What a clusterfuck. How easy it would be to make this all go away: Shut off all SMS messaging to anyone who hasn’t previously agreed to Loopt’s service and terms, and responsibly throttle delivery for people who have. Period. Done.
But Loopt says that’s not going to happen — despite clearly contravening the best practices espoused by the organization who granted Loopt their shortcode (and who, if I understand this correctly, also holds the power to withdraw that shortcode if they uncover patterns of abuse).
Still, for whatever reason, despite excellent, good-faith feedback on fixing a problem they manufactured that’s helping build their userbase at our expense and stated annoyance, Loopt remains steadfastly confident that their overflowing eddy of crap smells like spearmint and supermodels.
Loopt are dead wrong here and — since they show no interest in fixing the most fundamentally broken piece of their sad little stalkerbot — I’m taking my work to get it fixed offline. Where people who sit around all day waiting to go after junk like this can slake their thirst for Fixing Bad Things.
As far as I’m concerned, their window for being a good actor has closed; from here on out they can start burning their own cycles to extricate whatever appendages that window has entrapped.
I’ve decided that the custom outgoing messages from JHONNY (as presented by Karl Van Hœt) should continue. And escalate. They’ll increasingly make less and less sense until they devolve into a primal collection of grunts, shifting, chewing, throat-clearing, and repetition of the word “So…”
From the site of the CSCA — the group that grants and administers the shortcodes used in SMS messaging.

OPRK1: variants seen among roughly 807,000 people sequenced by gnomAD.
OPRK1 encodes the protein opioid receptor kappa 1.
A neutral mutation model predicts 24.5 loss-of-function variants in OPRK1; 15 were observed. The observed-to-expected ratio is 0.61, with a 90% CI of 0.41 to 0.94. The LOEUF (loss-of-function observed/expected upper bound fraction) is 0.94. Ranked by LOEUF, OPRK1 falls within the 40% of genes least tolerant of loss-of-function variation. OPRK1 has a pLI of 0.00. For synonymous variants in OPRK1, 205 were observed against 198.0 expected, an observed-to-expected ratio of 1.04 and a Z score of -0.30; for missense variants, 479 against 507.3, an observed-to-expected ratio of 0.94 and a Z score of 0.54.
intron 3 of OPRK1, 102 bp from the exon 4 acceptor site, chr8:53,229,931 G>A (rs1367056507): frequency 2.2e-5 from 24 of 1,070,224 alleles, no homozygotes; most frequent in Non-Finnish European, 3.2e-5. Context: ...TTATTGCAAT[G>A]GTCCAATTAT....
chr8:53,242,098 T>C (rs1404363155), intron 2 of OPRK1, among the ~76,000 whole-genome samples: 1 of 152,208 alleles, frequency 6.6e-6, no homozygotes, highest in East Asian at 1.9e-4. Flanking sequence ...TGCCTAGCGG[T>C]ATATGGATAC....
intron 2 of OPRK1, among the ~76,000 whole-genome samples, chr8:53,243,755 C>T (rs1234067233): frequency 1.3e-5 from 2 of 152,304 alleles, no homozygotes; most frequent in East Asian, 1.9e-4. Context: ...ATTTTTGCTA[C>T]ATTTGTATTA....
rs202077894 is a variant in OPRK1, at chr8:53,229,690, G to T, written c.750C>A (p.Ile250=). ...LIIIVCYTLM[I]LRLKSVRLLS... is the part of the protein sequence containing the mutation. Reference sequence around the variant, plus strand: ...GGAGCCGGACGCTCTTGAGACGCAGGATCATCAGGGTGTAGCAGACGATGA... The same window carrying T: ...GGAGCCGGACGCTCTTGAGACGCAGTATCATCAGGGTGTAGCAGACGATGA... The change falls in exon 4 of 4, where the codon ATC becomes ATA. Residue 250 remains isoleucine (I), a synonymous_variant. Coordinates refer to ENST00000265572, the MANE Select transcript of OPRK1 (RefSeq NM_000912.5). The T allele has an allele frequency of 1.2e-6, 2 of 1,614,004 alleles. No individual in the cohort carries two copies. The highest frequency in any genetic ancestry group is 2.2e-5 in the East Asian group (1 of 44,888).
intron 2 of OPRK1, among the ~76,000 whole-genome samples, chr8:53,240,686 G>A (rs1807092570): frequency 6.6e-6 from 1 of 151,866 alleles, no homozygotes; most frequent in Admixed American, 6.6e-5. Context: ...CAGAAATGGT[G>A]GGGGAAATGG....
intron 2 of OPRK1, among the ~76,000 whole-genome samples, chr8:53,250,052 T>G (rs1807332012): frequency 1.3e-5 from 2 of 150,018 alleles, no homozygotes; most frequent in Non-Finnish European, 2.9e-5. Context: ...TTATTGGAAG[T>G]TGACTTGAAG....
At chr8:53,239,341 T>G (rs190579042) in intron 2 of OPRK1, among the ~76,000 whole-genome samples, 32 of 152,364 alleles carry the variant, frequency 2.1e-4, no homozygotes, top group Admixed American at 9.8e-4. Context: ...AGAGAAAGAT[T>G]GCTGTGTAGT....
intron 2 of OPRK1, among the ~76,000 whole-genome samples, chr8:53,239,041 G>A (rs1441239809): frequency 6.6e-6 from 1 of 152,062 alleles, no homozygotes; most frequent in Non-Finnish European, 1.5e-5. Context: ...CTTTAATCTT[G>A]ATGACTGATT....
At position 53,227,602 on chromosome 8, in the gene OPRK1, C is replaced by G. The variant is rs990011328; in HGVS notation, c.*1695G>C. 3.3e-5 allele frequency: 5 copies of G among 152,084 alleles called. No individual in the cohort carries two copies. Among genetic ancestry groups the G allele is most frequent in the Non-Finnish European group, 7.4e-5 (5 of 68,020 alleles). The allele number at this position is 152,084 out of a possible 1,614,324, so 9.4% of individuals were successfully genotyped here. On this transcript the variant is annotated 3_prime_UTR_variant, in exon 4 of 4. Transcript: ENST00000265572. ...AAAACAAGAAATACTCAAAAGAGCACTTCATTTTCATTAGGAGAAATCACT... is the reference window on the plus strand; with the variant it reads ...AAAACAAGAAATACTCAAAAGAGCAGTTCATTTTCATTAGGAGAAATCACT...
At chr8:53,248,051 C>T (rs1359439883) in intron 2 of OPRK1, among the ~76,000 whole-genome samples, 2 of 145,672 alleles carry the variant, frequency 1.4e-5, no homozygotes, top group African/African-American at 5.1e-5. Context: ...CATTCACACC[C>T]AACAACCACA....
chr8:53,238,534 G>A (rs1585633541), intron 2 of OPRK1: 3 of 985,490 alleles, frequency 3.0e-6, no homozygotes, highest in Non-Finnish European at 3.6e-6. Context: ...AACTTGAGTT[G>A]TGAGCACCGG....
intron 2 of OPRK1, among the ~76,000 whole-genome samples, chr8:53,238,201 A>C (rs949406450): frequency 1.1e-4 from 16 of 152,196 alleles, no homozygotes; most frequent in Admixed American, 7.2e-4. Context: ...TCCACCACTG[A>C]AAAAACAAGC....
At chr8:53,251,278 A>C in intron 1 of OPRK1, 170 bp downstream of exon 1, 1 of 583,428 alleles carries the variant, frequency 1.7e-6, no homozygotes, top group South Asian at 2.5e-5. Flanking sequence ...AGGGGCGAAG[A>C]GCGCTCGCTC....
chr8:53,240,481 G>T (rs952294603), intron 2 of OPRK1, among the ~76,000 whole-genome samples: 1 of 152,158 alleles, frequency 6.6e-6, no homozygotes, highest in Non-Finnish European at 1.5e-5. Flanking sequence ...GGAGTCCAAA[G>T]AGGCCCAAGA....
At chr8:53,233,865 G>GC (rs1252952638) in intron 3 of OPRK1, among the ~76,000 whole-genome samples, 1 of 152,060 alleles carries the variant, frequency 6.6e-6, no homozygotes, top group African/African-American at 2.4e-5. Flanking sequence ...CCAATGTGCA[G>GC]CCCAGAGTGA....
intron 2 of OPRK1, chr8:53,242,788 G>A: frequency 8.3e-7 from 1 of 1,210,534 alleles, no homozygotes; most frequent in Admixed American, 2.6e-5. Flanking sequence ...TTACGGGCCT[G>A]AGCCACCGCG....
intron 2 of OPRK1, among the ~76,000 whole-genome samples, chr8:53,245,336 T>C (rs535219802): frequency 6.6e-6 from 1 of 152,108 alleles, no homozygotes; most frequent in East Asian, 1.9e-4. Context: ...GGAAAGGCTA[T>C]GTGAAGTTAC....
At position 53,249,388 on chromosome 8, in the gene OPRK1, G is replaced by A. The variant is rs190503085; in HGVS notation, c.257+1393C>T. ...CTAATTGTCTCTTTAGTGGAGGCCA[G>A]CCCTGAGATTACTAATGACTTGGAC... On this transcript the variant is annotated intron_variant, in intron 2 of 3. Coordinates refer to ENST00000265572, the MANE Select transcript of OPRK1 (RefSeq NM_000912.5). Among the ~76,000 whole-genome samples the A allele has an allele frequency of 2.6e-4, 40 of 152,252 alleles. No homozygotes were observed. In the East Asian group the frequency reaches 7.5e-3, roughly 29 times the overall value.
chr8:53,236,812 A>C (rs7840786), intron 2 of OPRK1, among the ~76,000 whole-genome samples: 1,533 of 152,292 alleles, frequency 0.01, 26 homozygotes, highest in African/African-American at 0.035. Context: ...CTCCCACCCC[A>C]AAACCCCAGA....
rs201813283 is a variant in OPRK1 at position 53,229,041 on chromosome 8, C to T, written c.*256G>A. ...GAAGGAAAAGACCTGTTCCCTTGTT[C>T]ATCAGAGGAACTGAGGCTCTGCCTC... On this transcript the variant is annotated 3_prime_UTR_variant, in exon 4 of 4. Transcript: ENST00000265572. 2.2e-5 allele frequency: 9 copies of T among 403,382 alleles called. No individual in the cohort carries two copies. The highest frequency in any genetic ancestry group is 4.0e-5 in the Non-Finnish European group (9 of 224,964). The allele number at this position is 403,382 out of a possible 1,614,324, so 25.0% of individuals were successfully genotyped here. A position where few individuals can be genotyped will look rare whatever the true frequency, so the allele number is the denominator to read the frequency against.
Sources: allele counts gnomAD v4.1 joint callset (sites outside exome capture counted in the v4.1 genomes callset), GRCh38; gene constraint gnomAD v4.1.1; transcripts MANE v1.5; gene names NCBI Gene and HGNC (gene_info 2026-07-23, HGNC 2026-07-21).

From their “Best Practices” page:
It is vital to respect a wireless subscriber’s right to privacy. ALWAYS gain permission from the people you plan to engage by employing an opt-in procedure.
Gaining permission saves money. Each message sent costs money. Ensuring the customer wants to receive messages avoids any waste of your marketing budget.
Sending unsolicited messages creates a negative impression and erodes brand recognition; prompting subscribers to avoid the service and file complaints.
Avoid purchasing lists of numbers; always have customers opt-in and subscribe to receive content. For applications that require payment, create double opt-in process for subscribers that ensure willing participation.
Sounds like pretty good advice. Makes you wonder if it might be kind of a dick move to SMS people without their explicit prior permission.
I have a post underway for 43 Folders on this Loopt.com SMS invite mess. I’m letting the post season for a day or three while I do some necessary fact-checking and try to verify the details of what sounds like a very confusing piece of GUI in the Loopt iPhone app which apparently makes it trivially — even accidentally — easy to send SMS invitation spam to multiples of people whose mobile numbers live in your Address Book. At the recipient’s expense. And without prior permission. And, apparently, without user confirmation. [This is Bad.]
I’m still trying to make sure I understand precisely how this works, but if Loopt is doing anything that involves sending SMSs without the recipients’ prior opt-in — and then refuses to do anything about stopping it — this will deservedly escalate into a pop-the-popcorn, old-school, privacy shitstorm. (And, no, I will not be signing up for Loopt myself because — well — I don’t want to accidentally spam everyone I know. I’m like that.)
I’ll give you a minute for that to sink in, because if you’re a connected person, you may want to ponder the consequences of unintentionally sending creepy bullshit to colleagues and business contacts who are too busy to care what you’re “geo-tagging” at a given time. I know, because I’m one of them. Hi.